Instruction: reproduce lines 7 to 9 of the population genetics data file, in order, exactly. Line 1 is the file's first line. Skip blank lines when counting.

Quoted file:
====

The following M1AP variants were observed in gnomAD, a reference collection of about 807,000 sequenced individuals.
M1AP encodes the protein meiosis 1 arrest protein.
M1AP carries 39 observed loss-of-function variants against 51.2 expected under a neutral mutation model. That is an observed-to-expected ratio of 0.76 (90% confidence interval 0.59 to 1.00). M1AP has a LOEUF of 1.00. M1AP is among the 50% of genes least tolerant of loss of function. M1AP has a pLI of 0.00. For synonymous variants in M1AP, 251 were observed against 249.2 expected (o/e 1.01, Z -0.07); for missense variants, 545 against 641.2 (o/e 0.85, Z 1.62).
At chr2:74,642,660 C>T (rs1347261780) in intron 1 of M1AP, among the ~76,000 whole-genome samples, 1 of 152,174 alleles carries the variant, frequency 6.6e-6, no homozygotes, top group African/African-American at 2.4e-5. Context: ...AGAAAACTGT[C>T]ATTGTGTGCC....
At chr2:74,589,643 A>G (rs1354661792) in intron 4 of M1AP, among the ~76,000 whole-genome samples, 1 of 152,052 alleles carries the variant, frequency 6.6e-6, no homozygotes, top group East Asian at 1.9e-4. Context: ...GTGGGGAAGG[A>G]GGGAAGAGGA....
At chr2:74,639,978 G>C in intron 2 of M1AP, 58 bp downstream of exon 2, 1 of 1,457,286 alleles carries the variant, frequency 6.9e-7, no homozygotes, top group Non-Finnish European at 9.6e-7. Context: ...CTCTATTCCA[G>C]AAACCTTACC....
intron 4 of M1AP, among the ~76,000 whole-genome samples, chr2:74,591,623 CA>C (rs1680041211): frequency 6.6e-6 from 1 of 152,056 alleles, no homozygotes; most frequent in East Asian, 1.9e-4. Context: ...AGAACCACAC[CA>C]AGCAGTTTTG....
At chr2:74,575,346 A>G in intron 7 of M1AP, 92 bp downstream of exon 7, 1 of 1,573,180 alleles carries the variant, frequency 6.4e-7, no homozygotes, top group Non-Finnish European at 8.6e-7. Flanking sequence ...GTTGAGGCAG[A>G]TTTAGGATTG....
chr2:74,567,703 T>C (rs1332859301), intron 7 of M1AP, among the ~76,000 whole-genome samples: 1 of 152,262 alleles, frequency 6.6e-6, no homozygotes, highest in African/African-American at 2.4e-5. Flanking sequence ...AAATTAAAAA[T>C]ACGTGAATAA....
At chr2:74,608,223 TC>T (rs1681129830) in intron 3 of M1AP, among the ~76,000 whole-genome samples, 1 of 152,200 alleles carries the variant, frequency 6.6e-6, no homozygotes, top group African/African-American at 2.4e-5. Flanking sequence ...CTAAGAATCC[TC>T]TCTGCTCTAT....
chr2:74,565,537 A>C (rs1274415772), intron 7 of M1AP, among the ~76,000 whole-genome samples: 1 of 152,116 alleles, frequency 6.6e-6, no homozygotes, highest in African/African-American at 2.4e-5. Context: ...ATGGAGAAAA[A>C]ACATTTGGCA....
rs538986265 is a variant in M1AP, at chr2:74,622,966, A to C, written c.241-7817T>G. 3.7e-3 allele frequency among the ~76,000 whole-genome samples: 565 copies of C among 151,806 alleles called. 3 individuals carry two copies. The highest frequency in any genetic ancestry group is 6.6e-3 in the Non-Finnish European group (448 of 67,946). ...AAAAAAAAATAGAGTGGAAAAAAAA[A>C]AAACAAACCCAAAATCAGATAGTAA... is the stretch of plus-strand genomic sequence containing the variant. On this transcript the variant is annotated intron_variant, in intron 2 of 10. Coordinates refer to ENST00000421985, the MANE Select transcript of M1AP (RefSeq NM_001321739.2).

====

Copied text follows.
intron 4 of M1AP, among the ~76,000 whole-genome samples, chr2:74,591,623 CA>C (rs1680041211): frequency 6.6e-6 from 1 of 152,056 alleles, no homozygotes; most frequent in East Asian, 1.9e-4. Context: ...AGAACCACAC[CA>C]AGCAGTTTTG....
At chr2:74,575,346 A>G in intron 7 of M1AP, 92 bp downstream of exon 7, 1 of 1,573,180 alleles carries the variant, frequency 6.4e-7, no homozygotes, top group Non-Finnish European at 8.6e-7. Flanking sequence ...GTTGAGGCAG[A>G]TTTAGGATTG....
chr2:74,567,703 T>C (rs1332859301), intron 7 of M1AP, among the ~76,000 whole-genome samples: 1 of 152,262 alleles, frequency 6.6e-6, no homozygotes, highest in African/African-American at 2.4e-5. Flanking sequence ...AAATTAAAAA[T>C]ACGTGAATAA....